Posted: 29/06/2013 at 21:44
Nondescript! Pah! This is one of the prettiest little moths in the garden. It also holds the record for having the greatest number of wings of any insect — 24 of them. Despite its 'common' name, it actually has 24 plumes, each based around one of the usual 6 reinforcing veins in its four wings. At rest it fans out the plumes into a delicate semicircle, beautifully mottled with a series of undulating chevrons. Lovely!

Talkback: Cuckoo flower

Posted: 08/05/2013 at 09:31
To me it is always ladies' smock, food-plant of the orange-tip.

Talkback: Queen wasp

Posted: 20/04/2013 at 21:51
Dear Matty2, indeed anyone who has been stung by a wasp

It has become something of a cliché that every year I defend wasps, because 'they are our friends'. After birds and spiders wasps are some of the most important insect predators we have in our gardens, eating flies, caterpillars, aphids, leaf hoppers and all manner of other small critters. They are part of the natural balance that keeps us from being overrun by pests and diseases. They are pollinators too.

Wasps do sting, but so too do honeybees and bumblebees. In all the posts about bees on the Gardeners’ World website never once has anyone commented on the beastly unpleasantness of bee stings. Yet wasps constantly suffer this repeated accusation.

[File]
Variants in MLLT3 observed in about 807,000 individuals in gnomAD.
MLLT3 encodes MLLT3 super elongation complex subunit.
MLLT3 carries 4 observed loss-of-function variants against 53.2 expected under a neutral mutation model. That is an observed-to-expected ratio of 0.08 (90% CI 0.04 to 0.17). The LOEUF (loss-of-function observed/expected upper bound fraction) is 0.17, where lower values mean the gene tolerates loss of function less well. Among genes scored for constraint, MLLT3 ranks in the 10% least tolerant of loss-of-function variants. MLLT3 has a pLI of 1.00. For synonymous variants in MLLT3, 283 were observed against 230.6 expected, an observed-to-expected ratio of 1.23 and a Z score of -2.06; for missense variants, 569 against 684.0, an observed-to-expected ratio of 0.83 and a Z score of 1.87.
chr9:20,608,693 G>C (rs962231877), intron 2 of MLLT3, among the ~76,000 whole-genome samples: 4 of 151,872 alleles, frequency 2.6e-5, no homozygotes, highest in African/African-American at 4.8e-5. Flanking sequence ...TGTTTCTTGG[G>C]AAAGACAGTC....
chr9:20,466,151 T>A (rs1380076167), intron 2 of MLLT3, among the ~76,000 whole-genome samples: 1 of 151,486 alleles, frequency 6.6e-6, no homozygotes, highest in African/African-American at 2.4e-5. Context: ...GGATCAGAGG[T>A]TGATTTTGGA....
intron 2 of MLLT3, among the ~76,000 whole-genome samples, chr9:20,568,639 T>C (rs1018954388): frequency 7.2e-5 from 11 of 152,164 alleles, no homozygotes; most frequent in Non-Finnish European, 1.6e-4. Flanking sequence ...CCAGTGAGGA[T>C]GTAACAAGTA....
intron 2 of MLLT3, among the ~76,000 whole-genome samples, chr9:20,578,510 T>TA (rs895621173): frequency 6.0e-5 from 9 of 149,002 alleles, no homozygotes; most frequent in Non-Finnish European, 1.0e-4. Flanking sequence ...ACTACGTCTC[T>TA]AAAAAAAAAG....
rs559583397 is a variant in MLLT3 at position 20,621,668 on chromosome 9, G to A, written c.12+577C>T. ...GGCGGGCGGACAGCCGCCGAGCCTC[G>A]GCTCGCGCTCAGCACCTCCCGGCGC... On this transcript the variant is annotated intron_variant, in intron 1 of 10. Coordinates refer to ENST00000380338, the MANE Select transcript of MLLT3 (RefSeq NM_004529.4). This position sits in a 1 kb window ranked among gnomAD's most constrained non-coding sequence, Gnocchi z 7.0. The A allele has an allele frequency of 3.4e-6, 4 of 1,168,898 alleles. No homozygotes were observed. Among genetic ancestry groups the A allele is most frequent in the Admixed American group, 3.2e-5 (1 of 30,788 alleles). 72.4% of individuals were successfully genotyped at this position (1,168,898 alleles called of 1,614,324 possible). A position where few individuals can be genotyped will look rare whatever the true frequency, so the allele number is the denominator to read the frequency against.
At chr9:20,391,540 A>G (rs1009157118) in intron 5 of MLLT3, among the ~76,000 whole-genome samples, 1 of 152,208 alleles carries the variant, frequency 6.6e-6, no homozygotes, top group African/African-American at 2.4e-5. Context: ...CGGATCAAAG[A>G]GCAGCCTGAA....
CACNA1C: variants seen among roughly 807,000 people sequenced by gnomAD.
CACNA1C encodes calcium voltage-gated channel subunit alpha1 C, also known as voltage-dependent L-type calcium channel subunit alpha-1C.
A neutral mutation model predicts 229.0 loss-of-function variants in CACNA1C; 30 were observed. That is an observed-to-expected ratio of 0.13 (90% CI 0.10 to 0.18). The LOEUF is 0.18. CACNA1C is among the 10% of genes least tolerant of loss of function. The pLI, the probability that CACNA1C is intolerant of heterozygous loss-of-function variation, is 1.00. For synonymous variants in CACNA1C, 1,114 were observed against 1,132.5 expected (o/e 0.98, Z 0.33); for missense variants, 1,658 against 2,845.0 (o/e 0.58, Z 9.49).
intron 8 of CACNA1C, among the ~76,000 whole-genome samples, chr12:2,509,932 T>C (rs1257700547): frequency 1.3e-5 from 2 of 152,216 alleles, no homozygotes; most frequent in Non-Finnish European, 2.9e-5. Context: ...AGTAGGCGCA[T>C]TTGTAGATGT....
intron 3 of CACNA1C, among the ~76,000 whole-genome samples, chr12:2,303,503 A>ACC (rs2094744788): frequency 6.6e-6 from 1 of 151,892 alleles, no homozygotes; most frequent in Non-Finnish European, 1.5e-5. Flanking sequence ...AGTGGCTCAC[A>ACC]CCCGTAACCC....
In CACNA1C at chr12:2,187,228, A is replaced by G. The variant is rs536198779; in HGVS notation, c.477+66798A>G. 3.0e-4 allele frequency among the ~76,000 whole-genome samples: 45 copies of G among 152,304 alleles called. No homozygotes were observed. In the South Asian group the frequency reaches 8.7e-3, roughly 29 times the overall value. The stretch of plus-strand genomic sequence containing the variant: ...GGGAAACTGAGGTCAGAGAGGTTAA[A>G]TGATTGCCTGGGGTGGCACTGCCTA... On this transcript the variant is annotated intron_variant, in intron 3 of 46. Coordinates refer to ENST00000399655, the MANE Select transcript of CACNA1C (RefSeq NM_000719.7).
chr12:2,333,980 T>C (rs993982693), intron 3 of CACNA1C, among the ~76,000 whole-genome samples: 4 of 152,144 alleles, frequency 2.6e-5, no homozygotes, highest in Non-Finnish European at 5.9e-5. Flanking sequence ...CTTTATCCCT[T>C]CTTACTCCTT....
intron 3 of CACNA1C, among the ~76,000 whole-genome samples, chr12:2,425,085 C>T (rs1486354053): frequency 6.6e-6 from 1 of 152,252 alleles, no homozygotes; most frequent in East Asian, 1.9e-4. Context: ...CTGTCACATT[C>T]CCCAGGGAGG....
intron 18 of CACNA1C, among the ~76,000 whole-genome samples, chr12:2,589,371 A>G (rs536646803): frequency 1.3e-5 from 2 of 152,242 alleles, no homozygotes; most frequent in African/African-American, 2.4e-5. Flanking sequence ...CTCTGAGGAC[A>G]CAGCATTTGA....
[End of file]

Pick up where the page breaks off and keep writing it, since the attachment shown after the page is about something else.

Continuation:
Enough is enough. Now I rant. And to achieve pompous grandiosity, I’ve written this in the third person pleural. For added emphasis.

We interact with the environment in many ways. We see it, but we also touch it, feel it, smell it, taste it, eat it, play in it, walk in it, lie down in it. We are the richer for this tactile, olfactory (and all the other) sensual interactions. Sometimes we react to the environment in a less than pleasant way. We might get a rash from rue, we might get a splinter from a log, or a thorn from a rose, or stub a toe on a rock. But beyond a quietly uttered curse, we do not complainingly disparage them.

Stinging nettles sting. Grass pollen may make us sneeze, or a tall plant stem might poke in the eye when we’re bending down. This does not make the world, or even individual parts of it, intrinsically dangerous or evil. It just means we are not merely casual observers of a disinterested cosmos. Life really isn’t like watching the telly. It’s a natural world out there. We are part of this natural world. So are wasps.
1 to 10 of 22

Discussions started by Richard Jones

Talkback: Big Garden Birdwatch 2014

So those sparrows I was going on about on Wednesday, they're do well then? I look forward to more squawking in the undergrowth. 
Replies: 1    Views: 721
Last Post: 09/04/2014 at 09:21

Talkback: Cuckoo flower

To me it is always ladies' smock, food-plant of the orange-tip. 
Replies: 2    Views: 951
Last Post: 12/05/2013 at 10:14

Talkback: Most common garden pests

Wot? No berberis sawfly? I await, with great anticipation, to see what effect the mild winter will have on all these 'pests'. 
Replies: 2    Views: 1335
Last Post: 14/10/2014 at 01:06
3 threads returned